Instrumentation: Solo and Piano Instruments: Flute, Piano
As low as $20.00
In three movements, this "Sonata" for Flute and Piano is a great recital for a Flute player in college.
Program notes from the composer:
Brian Joyce’s two sonatas, one for flute and piano, the other for oboe and piano (also published by Cimarron Music Press) are sister works. Both were written in 1971 when Joyce was an undergrad composition major in college and both are reflective of the seasons in which they were composed: the flute sonata, written in Spring, is fresh, expansive and tuneful while the oboe sonata, composed the following September, has a more burnished autumnal quality. About the flute sonata the composer writes:
“Sooner or later, most college students find themselves victims of information overload. It was at such a time in my own life that I began work on this piece: I was being exposed to more styles of music than I had ever known – everything from underground rock and roll to polytextual motets of the Ars Antiqua. – and the sheer number of ideas and possibilities resulted in a debilitating state of confusion. I was learning the hard way that nothing stifles creativity as much as absolute freedom, and I still have a string of dismal pieces to prove it! The Flute Sonata was the first successful effort to come along in several months. Despite whatever virtues it may have had, however, the sonata was never performed but was simply put away on the shelf as soon as it was completed. During 1993 and 1994 the entire sonata was reworked (especially the 3rd movement) but in all its essentials (themes, form and "grand design") the sonata still remains true to its original conception.”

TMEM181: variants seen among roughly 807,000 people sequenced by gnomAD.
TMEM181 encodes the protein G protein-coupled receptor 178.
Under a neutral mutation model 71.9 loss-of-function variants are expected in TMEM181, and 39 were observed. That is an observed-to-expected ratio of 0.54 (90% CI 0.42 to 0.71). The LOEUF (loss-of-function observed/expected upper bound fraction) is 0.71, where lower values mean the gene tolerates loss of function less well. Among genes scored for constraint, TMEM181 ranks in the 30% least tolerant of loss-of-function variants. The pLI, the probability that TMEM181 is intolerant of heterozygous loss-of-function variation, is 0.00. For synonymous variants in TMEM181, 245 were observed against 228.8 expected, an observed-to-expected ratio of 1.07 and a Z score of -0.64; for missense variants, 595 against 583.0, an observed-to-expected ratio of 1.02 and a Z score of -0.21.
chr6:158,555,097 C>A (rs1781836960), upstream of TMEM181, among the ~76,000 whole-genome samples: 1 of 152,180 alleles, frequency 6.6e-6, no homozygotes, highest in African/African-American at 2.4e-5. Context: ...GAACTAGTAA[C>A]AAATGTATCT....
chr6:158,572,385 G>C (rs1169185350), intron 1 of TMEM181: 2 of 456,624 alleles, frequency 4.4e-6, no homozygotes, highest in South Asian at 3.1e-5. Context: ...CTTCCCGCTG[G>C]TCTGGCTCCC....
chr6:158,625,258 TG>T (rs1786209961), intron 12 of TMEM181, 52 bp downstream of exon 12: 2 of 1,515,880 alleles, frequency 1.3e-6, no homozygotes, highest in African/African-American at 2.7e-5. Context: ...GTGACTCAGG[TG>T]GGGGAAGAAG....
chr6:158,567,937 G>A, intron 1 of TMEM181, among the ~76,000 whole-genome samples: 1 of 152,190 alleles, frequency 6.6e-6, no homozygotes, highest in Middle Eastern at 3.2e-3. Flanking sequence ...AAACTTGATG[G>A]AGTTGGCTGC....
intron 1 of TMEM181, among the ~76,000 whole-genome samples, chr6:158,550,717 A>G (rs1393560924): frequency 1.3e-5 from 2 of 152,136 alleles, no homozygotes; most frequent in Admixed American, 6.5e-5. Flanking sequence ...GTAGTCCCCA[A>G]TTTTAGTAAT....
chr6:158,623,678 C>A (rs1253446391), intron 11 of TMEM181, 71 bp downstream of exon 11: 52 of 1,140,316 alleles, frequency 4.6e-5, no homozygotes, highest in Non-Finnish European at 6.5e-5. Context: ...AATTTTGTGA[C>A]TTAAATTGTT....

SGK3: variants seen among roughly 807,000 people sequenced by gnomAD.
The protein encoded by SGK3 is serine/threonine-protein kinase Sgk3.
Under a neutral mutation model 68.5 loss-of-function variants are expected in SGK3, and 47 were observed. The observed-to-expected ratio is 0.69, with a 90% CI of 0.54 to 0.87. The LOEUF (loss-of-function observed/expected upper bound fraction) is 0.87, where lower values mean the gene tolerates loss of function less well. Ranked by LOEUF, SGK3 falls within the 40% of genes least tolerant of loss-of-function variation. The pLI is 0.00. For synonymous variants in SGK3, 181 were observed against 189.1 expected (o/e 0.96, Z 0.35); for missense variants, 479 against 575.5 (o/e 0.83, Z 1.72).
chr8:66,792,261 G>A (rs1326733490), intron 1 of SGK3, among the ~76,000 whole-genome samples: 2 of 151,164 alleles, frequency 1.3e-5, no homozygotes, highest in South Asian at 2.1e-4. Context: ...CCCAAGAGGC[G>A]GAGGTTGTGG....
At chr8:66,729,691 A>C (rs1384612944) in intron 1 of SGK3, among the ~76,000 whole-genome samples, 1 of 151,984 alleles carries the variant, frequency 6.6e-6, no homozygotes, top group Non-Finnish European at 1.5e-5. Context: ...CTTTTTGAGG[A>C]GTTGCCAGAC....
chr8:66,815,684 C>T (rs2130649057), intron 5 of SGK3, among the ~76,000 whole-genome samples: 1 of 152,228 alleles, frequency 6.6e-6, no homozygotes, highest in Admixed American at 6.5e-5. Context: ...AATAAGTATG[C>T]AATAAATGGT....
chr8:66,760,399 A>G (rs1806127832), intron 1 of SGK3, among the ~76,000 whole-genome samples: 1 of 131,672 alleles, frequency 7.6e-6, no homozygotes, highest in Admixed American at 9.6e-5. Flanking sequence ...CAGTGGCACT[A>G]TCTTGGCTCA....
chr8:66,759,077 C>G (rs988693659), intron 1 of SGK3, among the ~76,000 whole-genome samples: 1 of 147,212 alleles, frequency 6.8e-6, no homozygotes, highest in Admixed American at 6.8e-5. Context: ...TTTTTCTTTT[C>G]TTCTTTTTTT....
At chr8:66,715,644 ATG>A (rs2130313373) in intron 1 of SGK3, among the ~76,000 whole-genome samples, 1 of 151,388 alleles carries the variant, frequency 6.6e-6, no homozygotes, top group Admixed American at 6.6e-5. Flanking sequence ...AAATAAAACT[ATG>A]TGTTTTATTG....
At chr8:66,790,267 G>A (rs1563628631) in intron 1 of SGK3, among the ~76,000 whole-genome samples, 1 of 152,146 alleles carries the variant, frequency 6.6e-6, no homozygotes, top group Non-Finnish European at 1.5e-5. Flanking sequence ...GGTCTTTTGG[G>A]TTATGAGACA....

The sonata finally had its premiere early in 1995, 24 years after it was originally written. Music theorists may enjoy the formal problems set up in the first movement which are not fully resolved until the third (if then!). The rest of us can simply enjoy what is one of the composer’s most unabashedly tuneful works.